Comparative biochemistry and physiology. Part A, Molecular & integrative physiology vol:132 issue:1 pages:97-106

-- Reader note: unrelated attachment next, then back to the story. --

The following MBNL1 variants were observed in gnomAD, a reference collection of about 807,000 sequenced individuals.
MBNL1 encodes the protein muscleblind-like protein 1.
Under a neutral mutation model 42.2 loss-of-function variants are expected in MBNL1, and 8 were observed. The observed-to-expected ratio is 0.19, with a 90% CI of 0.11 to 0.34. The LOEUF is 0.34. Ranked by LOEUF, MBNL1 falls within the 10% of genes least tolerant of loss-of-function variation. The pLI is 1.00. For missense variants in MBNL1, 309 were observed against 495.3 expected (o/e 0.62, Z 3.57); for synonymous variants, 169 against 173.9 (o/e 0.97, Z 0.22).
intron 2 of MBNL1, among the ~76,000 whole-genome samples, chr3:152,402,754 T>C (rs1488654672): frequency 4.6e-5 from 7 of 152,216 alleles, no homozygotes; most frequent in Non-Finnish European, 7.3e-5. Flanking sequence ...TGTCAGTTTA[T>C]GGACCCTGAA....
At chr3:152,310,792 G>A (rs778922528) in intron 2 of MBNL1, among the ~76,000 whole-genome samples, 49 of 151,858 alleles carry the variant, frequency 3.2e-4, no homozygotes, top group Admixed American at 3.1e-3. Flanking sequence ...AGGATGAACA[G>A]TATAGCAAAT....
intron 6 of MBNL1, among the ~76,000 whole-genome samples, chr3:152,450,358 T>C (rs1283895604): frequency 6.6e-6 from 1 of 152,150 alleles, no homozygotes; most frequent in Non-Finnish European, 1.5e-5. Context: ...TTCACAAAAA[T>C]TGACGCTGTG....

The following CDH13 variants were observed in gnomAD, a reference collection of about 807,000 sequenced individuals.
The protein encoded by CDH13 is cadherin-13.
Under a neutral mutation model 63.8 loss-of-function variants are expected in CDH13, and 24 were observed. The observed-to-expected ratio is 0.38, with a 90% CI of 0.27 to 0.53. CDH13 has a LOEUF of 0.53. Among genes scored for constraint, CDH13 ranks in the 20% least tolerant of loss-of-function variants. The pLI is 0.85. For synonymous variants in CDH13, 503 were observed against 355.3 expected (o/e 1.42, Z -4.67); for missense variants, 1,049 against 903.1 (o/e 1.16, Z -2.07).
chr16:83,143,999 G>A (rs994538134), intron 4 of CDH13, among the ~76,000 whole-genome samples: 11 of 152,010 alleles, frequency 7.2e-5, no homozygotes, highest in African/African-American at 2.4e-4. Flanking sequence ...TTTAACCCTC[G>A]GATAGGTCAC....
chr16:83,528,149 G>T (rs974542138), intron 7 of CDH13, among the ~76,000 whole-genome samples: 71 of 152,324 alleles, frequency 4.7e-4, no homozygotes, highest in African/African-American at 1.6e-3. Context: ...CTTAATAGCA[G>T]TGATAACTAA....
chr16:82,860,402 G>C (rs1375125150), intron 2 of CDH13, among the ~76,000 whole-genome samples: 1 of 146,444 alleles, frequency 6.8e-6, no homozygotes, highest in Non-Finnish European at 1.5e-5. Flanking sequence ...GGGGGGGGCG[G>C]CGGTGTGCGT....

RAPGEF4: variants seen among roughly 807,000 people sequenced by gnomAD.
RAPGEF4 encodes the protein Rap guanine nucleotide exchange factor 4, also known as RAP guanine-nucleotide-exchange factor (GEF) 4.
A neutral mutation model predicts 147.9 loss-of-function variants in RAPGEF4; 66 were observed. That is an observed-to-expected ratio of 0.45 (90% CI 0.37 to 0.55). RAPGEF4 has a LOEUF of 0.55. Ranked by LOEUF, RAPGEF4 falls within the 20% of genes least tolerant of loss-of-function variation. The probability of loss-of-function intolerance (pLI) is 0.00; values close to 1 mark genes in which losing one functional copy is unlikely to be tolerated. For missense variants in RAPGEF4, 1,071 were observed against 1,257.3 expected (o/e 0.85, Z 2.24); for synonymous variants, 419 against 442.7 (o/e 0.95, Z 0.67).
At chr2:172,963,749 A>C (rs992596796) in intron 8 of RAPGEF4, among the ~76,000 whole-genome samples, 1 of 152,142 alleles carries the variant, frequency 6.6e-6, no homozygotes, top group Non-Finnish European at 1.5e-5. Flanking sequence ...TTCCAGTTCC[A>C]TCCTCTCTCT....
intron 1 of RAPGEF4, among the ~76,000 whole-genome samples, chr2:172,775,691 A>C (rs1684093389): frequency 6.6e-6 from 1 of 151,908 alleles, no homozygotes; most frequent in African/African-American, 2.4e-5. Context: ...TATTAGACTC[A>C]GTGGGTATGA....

Several studies support the idea that the use of pacifiers can reduce the risk of Sudden Infant Death Syndrome. To investigate the effect of non-nutritive sucking (NNS), we measured heart rate, abdominal respiration, EMG and arterial oxygen saturation of 20 neonates. Also, in 10 of these neonates, changes in cerebral hemoglobin concentrations were acquired by means of near-infrared spectroscopy. Using a parametric technique to model the heart rate as a sum of exponentially damped sinusoids, two main frequency components were found in the heart rate during NNS: a frequency of approximately 0.08 Hz due to the alternation of sucking bursts and pauses, and a frequency of approximately 0.8 Hz that reflects the influence of the respiration. Our analysis shows that it is the alternation of bursts and pauses itself that causes the increased heart rate variability, and that this is not due to increased effort. This suggests that the neuronal mechanism regulating NNS also stimulates the heart rate. From our measurements, no effect of NNS on cerebral or peripheral oxygenation could be found. Furthermore, we show that our model-based signal processing technique is well suited for the analysis of non-stationary biomedical signals.